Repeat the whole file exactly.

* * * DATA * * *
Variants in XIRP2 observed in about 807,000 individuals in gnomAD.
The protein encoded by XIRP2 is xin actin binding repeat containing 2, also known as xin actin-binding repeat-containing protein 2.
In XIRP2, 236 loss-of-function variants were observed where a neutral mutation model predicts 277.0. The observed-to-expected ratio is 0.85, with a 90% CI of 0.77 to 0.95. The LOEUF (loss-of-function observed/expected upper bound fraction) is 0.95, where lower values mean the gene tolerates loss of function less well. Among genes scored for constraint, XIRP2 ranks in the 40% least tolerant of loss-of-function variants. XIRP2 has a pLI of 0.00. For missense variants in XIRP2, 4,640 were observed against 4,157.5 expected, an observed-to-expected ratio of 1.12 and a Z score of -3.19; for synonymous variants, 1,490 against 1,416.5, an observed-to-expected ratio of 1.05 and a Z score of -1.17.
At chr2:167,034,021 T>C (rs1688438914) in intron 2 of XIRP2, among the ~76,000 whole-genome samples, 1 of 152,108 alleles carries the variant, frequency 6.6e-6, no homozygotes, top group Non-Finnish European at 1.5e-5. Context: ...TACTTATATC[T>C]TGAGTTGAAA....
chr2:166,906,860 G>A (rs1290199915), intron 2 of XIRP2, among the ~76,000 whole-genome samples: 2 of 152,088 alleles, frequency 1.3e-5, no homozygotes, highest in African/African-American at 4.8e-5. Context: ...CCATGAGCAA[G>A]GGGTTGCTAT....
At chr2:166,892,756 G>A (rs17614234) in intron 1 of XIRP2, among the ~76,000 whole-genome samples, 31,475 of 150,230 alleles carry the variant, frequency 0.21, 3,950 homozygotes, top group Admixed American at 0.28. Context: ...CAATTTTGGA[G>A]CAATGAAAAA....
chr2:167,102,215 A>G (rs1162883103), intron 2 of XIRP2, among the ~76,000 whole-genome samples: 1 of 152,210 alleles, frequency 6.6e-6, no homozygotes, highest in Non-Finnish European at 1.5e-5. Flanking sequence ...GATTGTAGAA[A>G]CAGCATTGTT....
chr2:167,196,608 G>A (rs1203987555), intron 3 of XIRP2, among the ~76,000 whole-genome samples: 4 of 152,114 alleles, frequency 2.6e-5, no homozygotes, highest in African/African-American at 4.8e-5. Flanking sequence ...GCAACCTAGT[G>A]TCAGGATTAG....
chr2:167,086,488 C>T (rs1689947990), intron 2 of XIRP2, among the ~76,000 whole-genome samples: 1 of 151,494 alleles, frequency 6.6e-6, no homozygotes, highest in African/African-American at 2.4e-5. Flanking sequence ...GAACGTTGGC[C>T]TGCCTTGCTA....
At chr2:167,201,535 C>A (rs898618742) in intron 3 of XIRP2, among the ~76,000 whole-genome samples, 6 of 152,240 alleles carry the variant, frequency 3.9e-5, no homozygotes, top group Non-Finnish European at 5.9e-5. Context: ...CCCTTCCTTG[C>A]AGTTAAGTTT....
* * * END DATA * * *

Variants in XIRP2 observed in about 807,000 individuals in gnomAD.
The protein encoded by XIRP2 is xin actin binding repeat containing 2, also known as xin actin-binding repeat-containing protein 2.
In XIRP2, 236 loss-of-function variants were observed where a neutral mutation model predicts 277.0. The observed-to-expected ratio is 0.85, with a 90% CI of 0.77 to 0.95. The LOEUF (loss-of-function observed/expected upper bound fraction) is 0.95, where lower values mean the gene tolerates loss of function less well. Among genes scored for constraint, XIRP2 ranks in the 40% least tolerant of loss-of-function variants. XIRP2 has a pLI of 0.00. For missense variants in XIRP2, 4,640 were observed against 4,157.5 expected, an observed-to-expected ratio of 1.12 and a Z score of -3.19; for synonymous variants, 1,490 against 1,416.5, an observed-to-expected ratio of 1.05 and a Z score of -1.17.
At chr2:167,034,021 T>C (rs1688438914) in intron 2 of XIRP2, among the ~76,000 whole-genome samples, 1 of 152,108 alleles carries the variant, frequency 6.6e-6, no homozygotes, top group Non-Finnish European at 1.5e-5. Context: ...TACTTATATC[T>C]TGAGTTGAAA....
chr2:166,906,860 G>A (rs1290199915), intron 2 of XIRP2, among the ~76,000 whole-genome samples: 2 of 152,088 alleles, frequency 1.3e-5, no homozygotes, highest in African/African-American at 4.8e-5. Context: ...CCATGAGCAA[G>A]GGGTTGCTAT....
At chr2:166,892,756 G>A (rs17614234) in intron 1 of XIRP2, among the ~76,000 whole-genome samples, 31,475 of 150,230 alleles carry the variant, frequency 0.21, 3,950 homozygotes, top group Admixed American at 0.28. Context: ...CAATTTTGGA[G>A]CAATGAAAAA....
chr2:167,102,215 A>G (rs1162883103), intron 2 of XIRP2, among the ~76,000 whole-genome samples: 1 of 152,210 alleles, frequency 6.6e-6, no homozygotes, highest in Non-Finnish European at 1.5e-5. Flanking sequence ...GATTGTAGAA[A>G]CAGCATTGTT....
chr2:167,196,608 G>A (rs1203987555), intron 3 of XIRP2, among the ~76,000 whole-genome samples: 4 of 152,114 alleles, frequency 2.6e-5, no homozygotes, highest in African/African-American at 4.8e-5. Flanking sequence ...GCAACCTAGT[G>A]TCAGGATTAG....
chr2:167,086,488 C>T (rs1689947990), intron 2 of XIRP2, among the ~76,000 whole-genome samples: 1 of 151,494 alleles, frequency 6.6e-6, no homozygotes, highest in African/African-American at 2.4e-5. Flanking sequence ...GAACGTTGGC[C>T]TGCCTTGCTA....
At chr2:167,201,535 C>A (rs898618742) in intron 3 of XIRP2, among the ~76,000 whole-genome samples, 6 of 152,240 alleles carry the variant, frequency 3.9e-5, no homozygotes, top group Non-Finnish European at 5.9e-5. Context: ...CCCTTCCTTG[C>A]AGTTAAGTTT....